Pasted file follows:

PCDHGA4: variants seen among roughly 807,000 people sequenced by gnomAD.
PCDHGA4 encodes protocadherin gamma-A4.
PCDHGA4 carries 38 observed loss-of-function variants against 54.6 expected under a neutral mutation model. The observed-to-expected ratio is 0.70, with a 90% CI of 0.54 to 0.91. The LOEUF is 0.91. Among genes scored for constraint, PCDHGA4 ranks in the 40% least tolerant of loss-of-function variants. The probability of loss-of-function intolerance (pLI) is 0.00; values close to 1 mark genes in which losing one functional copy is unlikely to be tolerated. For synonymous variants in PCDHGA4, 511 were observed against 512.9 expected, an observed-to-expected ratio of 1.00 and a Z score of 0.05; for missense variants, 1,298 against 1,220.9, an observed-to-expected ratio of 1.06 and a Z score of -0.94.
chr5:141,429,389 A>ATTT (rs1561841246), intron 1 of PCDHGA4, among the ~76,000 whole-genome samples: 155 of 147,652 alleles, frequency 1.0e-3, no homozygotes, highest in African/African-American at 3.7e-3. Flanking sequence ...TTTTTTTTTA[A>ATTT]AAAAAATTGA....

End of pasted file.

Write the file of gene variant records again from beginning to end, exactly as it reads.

PCDHGA4: variants seen among roughly 807,000 people sequenced by gnomAD.
PCDHGA4 encodes protocadherin gamma-A4.
PCDHGA4 carries 38 observed loss-of-function variants against 54.6 expected under a neutral mutation model. The observed-to-expected ratio is 0.70, with a 90% CI of 0.54 to 0.91. The LOEUF is 0.91. Among genes scored for constraint, PCDHGA4 ranks in the 40% least tolerant of loss-of-function variants. The probability of loss-of-function intolerance (pLI) is 0.00; values close to 1 mark genes in which losing one functional copy is unlikely to be tolerated. For synonymous variants in PCDHGA4, 511 were observed against 512.9 expected, an observed-to-expected ratio of 1.00 and a Z score of 0.05; for missense variants, 1,298 against 1,220.9, an observed-to-expected ratio of 1.06 and a Z score of -0.94.
chr5:141,429,389 A>ATTT (rs1561841246), intron 1 of PCDHGA4, among the ~76,000 whole-genome samples: 155 of 147,652 alleles, frequency 1.0e-3, no homozygotes, highest in African/African-American at 3.7e-3. Flanking sequence ...TTTTTTTTTA[A>ATTT]AAAAAATTGA....